(b) Has completed the 10th grade or its equivalent.
(c) Is not subject to denial pursuant to Section 480.
(d) Has done any of the following:
(1) Completed a course in skin care, as described in Section 7364, from a school approved by the board.
(2) Practiced skin care, as defined in this chapter, outside of this state for a period of time equivalent to the study and training of a qualified person who has completed a course in skin care from a school the curriculum of which complied with requirements adopted by the board. Each three months of practice shall be deemed the equivalent of 100 hours of training for qualification under paragraph (1).
(3) Completed the apprenticeship program in skin care specified in Article 4 (commencing with Section 7332).

SEC. 6.

 Section 7324.5 is added to the Business and Professions Code, to read:

7324.5.
 (a) The board shall recognize the advanced practice of esthetics by certifying a master esthetician who has completed a 1,200-hour board-approved program in advanced esthetics. An individual enrolling in a 1,200-hour master esthetician course who has completed the 600-hour esthetician course from a board-approved school is only required to obtain the additional 600 hours of practical and technical training not received in the initial 600-hour esthetician course. The additional practical and technical training shall be approved by the board.
(b) It is an unfair business practice for any person to hold oneself out or use the title of “master esthetician” or any other term, such as “licensed,” “registered,” or “CME,” that implies or suggests that the person is certified as a master esthetician without meeting the requirement in subdivision (a).

SEC. 7.

 Section 7423 of the Business and Professions Code is amended to read:

7423.
 The amounts of the fees required by this chapter relating to licenses for individual practitioners are as follows:
(a) (1) Cosmetologist application and examination fee shall be the actual cost to the board for developing, purchasing, grading, and administering the examination.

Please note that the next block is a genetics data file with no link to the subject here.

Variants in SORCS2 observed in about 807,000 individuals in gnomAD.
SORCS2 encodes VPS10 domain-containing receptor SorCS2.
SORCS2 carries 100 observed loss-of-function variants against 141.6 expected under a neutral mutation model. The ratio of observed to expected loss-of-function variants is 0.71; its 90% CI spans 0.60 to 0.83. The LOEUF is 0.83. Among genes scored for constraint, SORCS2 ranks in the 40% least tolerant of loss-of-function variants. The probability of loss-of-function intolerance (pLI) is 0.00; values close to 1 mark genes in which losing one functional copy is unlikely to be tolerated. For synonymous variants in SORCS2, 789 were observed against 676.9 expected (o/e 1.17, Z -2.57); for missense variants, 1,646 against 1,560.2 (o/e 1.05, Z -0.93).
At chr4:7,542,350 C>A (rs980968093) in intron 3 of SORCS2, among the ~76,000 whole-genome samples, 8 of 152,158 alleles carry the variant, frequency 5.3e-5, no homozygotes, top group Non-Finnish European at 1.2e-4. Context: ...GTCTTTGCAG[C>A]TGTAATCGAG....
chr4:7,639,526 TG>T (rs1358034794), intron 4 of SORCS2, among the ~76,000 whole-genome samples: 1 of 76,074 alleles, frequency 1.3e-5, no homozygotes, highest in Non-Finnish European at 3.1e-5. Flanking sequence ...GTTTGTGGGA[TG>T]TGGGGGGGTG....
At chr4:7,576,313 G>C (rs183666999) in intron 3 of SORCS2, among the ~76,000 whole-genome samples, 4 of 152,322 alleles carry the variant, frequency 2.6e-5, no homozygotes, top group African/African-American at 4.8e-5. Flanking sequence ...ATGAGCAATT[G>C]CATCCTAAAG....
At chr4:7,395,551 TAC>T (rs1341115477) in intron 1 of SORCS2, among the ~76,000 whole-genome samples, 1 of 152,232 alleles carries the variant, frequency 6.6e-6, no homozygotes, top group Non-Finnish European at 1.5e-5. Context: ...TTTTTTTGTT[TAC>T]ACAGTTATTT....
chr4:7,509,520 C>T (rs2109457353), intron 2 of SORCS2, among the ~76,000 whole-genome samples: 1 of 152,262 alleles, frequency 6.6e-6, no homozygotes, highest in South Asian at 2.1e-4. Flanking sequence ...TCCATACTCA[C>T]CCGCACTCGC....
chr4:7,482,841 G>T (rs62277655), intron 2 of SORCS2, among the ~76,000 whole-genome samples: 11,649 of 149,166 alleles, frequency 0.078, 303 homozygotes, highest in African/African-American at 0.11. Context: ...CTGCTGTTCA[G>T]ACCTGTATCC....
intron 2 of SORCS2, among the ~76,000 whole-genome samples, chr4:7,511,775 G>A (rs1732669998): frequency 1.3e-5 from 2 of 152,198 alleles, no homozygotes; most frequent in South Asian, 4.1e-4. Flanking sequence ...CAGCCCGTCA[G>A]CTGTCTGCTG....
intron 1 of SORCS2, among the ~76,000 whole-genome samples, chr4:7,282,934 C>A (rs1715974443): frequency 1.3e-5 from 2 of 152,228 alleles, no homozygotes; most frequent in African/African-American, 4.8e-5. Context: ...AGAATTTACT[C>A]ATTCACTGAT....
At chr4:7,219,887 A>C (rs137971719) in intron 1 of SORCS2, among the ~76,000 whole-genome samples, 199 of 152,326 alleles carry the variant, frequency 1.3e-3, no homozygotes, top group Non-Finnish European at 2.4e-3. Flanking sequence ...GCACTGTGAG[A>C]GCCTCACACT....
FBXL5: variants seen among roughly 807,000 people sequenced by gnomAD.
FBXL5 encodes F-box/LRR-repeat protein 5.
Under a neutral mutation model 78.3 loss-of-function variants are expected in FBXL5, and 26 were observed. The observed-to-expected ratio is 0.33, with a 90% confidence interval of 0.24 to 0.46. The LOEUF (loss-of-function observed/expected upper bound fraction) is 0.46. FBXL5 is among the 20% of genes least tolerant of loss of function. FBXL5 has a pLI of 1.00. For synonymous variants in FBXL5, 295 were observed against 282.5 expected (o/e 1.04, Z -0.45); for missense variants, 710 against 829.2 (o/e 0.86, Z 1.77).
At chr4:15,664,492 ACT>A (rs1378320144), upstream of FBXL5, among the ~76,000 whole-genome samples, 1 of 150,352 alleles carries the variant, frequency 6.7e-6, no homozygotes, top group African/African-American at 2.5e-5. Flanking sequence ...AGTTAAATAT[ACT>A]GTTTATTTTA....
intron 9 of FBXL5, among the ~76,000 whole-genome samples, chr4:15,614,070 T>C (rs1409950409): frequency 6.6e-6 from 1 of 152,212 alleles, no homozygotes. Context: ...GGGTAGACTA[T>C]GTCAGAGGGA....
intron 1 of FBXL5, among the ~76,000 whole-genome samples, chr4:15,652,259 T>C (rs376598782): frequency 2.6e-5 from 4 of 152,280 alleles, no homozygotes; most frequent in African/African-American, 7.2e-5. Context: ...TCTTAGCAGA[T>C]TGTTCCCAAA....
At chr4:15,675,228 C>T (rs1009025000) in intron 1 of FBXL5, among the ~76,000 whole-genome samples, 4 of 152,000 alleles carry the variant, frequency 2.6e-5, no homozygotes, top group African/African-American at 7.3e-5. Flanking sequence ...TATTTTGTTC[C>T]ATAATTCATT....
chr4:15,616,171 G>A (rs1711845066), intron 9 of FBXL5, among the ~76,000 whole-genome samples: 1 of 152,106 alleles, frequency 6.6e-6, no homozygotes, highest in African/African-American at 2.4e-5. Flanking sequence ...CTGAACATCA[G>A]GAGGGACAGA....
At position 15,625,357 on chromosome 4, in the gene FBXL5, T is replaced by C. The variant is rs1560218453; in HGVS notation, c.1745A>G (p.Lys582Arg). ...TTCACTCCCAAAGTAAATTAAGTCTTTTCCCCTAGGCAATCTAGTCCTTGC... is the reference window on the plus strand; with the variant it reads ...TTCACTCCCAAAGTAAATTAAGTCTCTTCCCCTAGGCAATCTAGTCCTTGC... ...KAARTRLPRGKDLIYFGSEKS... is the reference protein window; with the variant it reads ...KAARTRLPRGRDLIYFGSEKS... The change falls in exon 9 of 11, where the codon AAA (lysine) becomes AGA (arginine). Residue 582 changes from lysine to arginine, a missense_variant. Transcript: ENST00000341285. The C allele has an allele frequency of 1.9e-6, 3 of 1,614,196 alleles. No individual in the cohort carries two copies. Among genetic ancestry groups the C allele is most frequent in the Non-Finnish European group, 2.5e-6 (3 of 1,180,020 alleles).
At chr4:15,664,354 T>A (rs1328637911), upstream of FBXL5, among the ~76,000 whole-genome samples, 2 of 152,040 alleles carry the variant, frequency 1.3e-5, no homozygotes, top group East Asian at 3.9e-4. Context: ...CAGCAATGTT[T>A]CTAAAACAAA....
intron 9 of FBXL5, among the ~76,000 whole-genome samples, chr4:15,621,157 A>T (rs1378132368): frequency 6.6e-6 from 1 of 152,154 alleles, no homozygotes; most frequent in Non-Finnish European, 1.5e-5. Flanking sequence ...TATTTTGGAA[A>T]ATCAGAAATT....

(2) A cosmetologist initial license fee shall not be more than fifty dollars ($50).
(b) (1) An esthetician application and examination fee shall be the actual cost to the board for developing, purchasing, grading, and administering the examination.
(2) An esthetician initial license fee shall not be more than forty dollars ($40).
(3) A master esthetician certification fee shall not be more than forty dollars ($40).
(c) (1) A manicurist application and examination fee shall be the actual cost to the board for developing, purchasing, grading, and administering the examination.
(2) A manicurist initial license fee shall not be more than thirty-five dollars ($35).
(d) (1) A barber application and examination fee shall be the actual cost to the board for developing, purchasing, grading, and administering the examination.
(2) A barber initial license fee shall be not more than fifty dollars ($50).
(e) (1) An electrologist application and examination fee shall be the actual cost to the board for developing, purchasing, grading, and administering the examination.
(2) An electrologist initial license fee shall be not more than fifty dollars ($50).
(f) An apprentice application and license fee shall be not more than twenty-five dollars ($25).
(g) The license renewal fee for individual practitioner licenses that are subject to renewal shall be not more than fifty dollars ($50).
(h) Notwithstanding Section 163.5 163.5, the license renewal delinquency fee shall be 50 percent of the renewal fee in effect on the date of renewal.
(i) Any preapplication fee shall be established by the board in an amount sufficient to cover the costs of processing and administration of the preapplication.

SEC. 7.SEC. 8.

 No reimbursement is required by this act pursuant to Section 6 of Article XIII B of the California Constitution because the only costs that may be incurred by a local agency or school district will be incurred because this act creates a new crime or infraction, eliminates a crime or infraction, or changes the penalty for a crime or infraction, within the meaning of Section 17556 of the Government Code, or changes the definition of a crime within the meaning of Section 6 of Article XIII B of the California Constitution.